Visit to the Hepworth Wakefield, 23 January

Posted on Wednesday 30th January 2013

Hepworth's 'Oval Sculpture' 1943, under discussion (courtesy Hepworth Estate).

Following several days of snow, and doubts about the possibility of even reaching the rendezvous points, our group of fourteen intrepid travellers assembled for the short journey to this latest addition to the ‘Yorkshire Sculpture Triangle.’

Our adventuring spirits were well rewarded by an enlightening and most enjoyable visit to the Hepworth not in the least due to an excellently organised, relaxed but purposeful schedule. The day proved all the more satisfying for being a shared experience, discussed with other members over a delicious lunch. The café serves superb coffee, tempting cakes and pickled onions of such gargantuan proportions that they almost rival some of the Gallery exhibits!

The Hepworth sits dramatically adjacent to the River Calder, austere in its multi-angular shell of ‘Hepworth brown.’ This shade, we were reliably informed by our very knowledgeable guide, curator Gemma Yates, can take on hues of grey and purple depending on exterior light conditions. Inside, the Gallery spaces were inspiring in themselves. From immense windows, the architect, David Chipperfield has created vistas, old and new, drawing the town and Gallery together. The interior lighting is sensitively managed according to exterior conditions, and relative to the various exhibitions.

Ten galleries comprise both permanent and temporary exhibitions. The breadth of Barbara Hepworth’s sculptures, in their wide variety of materials, and her creativity, energy and skill in producing these is overwhelming. The Hepworth Plasters Gallery is a scaled replica of her Palais de Dance Studio in St Ives, where she worked on large scale pieces such as Winged Figure for the Oxford Street store of John Lewis. In its plaster form it is displayed here, together with other large pieces, a testament to the dedication to Hepworth’s craft. As her physical ability with heavier mediums lessened, Hepworth turned to this substance to produce such prototypes.

Gemma emphasised the vital influence of both landscape and the human form in Hepworth’s work. Evoking the surroundings of the sculptor’s home for many years, on display in the Hepworth and St Ives collection are two memorable pieces. Victor Passmore’s Snowstorm and Peter Lanyon’s Moor Cliff, Kynance. Lanyon was a glider pilot, and his interpretation, from this unusual viewpoint of the Cornish landscape is fascinating. The swirling monochrome forms of Passmore’s painting echo many of Hepworth’s three dimensional creations.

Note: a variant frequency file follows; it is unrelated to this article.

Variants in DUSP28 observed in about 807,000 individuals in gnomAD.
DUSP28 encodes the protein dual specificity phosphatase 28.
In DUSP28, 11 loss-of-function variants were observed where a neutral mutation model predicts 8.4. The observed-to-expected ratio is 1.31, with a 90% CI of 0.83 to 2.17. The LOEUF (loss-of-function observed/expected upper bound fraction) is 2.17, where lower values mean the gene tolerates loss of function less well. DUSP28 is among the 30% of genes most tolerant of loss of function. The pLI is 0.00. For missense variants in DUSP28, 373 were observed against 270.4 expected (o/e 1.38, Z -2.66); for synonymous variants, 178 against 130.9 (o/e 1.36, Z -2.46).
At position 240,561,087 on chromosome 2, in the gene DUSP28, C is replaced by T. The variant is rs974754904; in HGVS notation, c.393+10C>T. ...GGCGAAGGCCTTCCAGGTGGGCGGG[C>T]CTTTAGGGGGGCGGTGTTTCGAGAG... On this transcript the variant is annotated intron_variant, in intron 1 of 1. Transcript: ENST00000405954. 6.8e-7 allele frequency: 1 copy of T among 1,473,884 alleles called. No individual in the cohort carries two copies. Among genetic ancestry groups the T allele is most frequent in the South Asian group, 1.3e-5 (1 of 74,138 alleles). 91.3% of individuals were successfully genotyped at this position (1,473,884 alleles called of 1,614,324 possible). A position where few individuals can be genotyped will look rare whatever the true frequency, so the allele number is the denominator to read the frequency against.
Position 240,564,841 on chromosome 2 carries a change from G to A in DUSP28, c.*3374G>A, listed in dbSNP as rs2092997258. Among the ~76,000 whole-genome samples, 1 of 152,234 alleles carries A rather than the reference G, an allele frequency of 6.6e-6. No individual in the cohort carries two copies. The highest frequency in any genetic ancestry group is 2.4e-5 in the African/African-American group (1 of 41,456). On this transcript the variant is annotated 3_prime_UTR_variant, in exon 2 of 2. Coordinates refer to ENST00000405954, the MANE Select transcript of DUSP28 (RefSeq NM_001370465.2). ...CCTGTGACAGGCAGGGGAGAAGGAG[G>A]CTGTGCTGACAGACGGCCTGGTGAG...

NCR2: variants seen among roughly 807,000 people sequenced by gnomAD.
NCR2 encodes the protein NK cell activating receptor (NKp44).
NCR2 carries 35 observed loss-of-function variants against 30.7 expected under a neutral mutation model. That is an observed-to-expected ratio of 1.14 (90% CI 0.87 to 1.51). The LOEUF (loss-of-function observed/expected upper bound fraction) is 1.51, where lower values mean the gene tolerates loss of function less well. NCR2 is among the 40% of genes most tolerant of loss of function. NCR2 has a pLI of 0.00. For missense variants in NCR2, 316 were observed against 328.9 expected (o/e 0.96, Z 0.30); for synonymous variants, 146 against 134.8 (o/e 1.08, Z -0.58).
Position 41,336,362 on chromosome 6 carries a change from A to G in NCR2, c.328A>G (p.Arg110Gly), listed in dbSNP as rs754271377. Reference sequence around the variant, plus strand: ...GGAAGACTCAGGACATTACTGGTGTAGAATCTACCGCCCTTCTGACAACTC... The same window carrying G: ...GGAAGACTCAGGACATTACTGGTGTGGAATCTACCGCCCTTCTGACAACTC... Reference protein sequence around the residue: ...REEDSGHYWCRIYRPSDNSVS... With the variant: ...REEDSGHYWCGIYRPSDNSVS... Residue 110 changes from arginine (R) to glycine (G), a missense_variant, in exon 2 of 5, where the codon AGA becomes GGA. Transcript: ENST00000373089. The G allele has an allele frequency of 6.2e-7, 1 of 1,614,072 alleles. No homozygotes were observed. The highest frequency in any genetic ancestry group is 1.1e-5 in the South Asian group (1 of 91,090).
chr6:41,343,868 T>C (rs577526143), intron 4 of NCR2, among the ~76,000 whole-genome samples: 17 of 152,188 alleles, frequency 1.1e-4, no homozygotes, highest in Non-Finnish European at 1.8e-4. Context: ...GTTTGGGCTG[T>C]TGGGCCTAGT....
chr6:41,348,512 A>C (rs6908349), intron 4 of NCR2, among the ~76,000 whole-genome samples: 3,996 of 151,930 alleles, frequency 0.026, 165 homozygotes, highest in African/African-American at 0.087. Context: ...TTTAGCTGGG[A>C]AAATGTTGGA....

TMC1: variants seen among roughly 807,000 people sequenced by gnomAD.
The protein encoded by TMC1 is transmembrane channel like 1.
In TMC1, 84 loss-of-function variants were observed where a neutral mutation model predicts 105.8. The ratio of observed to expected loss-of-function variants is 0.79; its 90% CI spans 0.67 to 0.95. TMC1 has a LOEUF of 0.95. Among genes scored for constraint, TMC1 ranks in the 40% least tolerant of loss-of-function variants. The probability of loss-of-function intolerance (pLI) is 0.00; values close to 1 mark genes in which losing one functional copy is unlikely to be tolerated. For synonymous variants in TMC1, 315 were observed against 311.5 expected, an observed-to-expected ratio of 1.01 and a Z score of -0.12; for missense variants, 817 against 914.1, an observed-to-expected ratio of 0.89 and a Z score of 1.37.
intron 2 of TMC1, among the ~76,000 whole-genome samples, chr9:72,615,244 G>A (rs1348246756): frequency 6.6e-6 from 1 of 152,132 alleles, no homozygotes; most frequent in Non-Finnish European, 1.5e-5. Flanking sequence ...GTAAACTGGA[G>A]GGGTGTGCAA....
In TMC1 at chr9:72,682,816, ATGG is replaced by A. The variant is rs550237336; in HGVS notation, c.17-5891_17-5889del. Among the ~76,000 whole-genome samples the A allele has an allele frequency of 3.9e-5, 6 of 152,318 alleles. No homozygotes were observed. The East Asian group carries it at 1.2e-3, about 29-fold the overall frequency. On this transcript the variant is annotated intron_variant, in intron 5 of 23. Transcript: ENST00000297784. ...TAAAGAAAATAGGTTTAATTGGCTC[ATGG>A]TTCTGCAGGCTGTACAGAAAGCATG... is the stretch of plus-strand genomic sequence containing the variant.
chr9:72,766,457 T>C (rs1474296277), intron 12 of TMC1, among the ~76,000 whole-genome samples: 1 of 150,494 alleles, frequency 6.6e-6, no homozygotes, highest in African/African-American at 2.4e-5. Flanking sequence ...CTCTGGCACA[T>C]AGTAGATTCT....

Also display is the largest collection ever assembled of Hepworth’s Hospital Drawings. They result from her experience of witnessing surgery at Exeter hospital where her daughter was treated by the surgeon, Norman Capaner who invited Hepworth to draw in the operating theatres. In fact, the sculptor’s hand was to some extent, at work again, as her final images were actually produced by etching, with a razor blade, in to a mixture of commercial white enamel, lead and chalk. This collection evokes both an appreciation of Hepworth’s skill as an artist, and an intensely emotive response to her almost spiritual representation of the subject matter. Her touch is reverential. One can only imagine the very personal respect and gratitude Hepworth must have felt for these life transforming surgeons, who in Skiagram themselves stand together awaiting the patient, their hands in a gesture which is almost one of prayer.

In the David Robert’s Collection, Tony Cragg's Wild Relations proved mesmerizing – as did its title! On circling this beautiful bronze piece, and with careful study, the observer is presented to a many, and varied number of human profiles. Could the sculptor have survived the whirlwind of a particularly stressful weekend with his ‘wild relatives’? Or is the piece, seen as a whole, and as suggested by one member of the group, reminiscent of the Easter Island heads, and thus referring to a more primitive past, still redolent in us all?

Just time to be tempted by the lovely books, gifts and cards in the Gallery shop, and the jolly band were once again settled for the journey home, enlivened by earnest chatter regarding the wonders we had seen, and much appreciation of the lovely day we had all shared.